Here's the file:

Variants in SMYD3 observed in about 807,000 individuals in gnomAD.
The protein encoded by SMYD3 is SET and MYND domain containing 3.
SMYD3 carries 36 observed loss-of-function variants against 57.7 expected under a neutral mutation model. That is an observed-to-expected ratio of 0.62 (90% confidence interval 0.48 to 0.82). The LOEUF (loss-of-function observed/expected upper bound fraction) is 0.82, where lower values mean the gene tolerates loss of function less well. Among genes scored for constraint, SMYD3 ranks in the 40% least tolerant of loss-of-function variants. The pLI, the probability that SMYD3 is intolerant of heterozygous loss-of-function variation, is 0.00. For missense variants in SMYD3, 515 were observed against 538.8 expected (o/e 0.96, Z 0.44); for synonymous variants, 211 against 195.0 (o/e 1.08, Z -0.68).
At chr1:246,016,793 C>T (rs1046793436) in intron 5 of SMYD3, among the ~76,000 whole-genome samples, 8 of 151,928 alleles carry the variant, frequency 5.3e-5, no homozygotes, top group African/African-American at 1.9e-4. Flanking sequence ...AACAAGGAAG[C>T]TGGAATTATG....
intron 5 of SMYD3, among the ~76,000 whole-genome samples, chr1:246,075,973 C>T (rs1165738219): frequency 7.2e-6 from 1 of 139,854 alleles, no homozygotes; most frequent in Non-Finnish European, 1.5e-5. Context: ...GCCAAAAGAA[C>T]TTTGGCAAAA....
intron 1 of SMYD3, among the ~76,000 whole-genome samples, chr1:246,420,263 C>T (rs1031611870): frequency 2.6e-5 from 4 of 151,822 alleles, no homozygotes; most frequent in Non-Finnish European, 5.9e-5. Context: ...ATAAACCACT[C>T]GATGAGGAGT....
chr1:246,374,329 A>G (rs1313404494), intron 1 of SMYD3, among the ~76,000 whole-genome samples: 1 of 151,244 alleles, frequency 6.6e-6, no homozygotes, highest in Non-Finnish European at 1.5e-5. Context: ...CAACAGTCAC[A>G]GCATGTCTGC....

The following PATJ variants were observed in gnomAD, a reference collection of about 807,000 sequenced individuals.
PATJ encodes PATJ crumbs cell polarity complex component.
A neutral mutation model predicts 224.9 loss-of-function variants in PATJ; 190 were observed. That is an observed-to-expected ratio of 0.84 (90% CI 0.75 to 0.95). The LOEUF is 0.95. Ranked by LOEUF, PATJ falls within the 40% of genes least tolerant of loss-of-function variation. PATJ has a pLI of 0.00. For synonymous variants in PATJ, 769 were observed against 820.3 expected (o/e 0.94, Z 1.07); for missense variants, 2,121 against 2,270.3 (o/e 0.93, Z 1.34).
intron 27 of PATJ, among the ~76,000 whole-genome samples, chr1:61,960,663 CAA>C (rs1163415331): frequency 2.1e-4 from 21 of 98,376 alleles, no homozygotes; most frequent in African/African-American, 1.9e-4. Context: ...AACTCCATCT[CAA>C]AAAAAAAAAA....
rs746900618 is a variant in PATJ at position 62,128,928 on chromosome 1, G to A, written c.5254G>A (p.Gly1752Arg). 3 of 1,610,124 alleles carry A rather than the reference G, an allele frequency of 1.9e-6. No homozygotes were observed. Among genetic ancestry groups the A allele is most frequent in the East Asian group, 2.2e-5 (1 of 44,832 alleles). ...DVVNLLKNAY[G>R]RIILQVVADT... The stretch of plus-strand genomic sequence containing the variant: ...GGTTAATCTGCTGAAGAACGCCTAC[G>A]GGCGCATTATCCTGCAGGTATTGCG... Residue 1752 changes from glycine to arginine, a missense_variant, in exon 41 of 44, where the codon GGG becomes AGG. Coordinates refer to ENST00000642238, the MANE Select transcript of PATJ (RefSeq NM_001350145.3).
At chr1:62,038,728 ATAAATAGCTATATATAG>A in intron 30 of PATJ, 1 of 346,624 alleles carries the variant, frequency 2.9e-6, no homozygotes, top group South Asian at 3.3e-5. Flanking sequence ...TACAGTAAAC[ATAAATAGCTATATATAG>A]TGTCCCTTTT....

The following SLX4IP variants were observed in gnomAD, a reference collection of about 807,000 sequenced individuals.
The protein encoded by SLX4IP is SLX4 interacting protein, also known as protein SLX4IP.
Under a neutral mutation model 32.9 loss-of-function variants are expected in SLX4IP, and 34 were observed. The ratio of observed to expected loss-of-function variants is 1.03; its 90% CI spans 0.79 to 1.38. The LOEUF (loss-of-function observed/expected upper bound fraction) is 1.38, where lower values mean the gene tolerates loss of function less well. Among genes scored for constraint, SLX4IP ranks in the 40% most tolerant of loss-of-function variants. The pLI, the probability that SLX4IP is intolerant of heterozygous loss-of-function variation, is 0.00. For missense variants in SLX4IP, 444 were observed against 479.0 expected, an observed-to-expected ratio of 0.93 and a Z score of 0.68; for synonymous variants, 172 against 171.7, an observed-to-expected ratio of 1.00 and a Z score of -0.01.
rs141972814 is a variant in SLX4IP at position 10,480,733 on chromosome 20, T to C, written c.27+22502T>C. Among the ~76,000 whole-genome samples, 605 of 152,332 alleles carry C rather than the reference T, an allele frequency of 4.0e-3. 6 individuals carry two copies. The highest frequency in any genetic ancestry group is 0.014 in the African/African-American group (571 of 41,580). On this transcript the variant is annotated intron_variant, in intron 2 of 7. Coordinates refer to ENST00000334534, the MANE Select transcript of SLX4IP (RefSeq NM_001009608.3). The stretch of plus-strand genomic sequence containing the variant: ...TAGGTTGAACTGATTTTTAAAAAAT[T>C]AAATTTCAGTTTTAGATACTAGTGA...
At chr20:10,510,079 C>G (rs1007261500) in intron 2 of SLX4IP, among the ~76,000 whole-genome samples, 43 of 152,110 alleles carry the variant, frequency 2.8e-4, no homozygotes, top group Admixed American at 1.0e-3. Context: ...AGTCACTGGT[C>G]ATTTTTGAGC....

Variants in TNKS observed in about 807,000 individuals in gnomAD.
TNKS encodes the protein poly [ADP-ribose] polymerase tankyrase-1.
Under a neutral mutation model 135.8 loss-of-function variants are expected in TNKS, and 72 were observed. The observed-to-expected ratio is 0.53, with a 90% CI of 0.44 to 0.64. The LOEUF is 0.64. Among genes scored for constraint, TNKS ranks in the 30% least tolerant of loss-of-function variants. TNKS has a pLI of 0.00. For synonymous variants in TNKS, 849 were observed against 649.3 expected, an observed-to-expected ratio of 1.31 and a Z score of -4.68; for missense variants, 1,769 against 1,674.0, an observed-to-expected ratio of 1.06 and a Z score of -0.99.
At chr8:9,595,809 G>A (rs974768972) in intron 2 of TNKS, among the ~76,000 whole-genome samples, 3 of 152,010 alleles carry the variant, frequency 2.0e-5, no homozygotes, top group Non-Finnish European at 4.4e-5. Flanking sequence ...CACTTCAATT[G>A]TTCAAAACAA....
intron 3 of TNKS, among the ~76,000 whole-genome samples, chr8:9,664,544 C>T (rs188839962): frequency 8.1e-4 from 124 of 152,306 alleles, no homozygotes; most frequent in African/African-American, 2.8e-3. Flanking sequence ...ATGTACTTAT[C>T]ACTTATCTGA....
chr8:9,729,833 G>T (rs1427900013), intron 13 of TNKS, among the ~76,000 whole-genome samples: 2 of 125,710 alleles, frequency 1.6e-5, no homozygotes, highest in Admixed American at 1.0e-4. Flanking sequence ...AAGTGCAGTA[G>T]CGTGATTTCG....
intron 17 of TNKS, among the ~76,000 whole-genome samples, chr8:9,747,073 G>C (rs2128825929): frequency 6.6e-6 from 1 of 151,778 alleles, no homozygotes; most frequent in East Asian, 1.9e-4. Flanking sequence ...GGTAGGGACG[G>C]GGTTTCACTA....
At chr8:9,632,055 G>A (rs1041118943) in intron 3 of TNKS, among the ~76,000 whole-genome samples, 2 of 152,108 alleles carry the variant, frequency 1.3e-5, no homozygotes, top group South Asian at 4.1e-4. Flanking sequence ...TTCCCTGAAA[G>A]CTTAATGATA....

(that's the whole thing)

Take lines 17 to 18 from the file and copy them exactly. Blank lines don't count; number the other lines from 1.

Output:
rs141972814 is a variant in SLX4IP at position 10,480,733 on chromosome 20, T to C, written c.27+22502T>C. Among the ~76,000 whole-genome samples, 605 of 152,332 alleles carry C rather than the reference T, an allele frequency of 4.0e-3. 6 individuals carry two copies. The highest frequency in any genetic ancestry group is 0.014 in the African/African-American group (571 of 41,580). On this transcript the variant is annotated intron_variant, in intron 2 of 7. Coordinates refer to ENST00000334534, the MANE Select transcript of SLX4IP (RefSeq NM_001009608.3). The stretch of plus-strand genomic sequence containing the variant: ...TAGGTTGAACTGATTTTTAAAAAAT[T>C]AAATTTCAGTTTTAGATACTAGTGA...
At chr20:10,510,079 C>G (rs1007261500) in intron 2 of SLX4IP, among the ~76,000 whole-genome samples, 43 of 152,110 alleles carry the variant, frequency 2.8e-4, no homozygotes, top group Admixed American at 1.0e-3. Context: ...AGTCACTGGT[C>G]ATTTTTGAGC....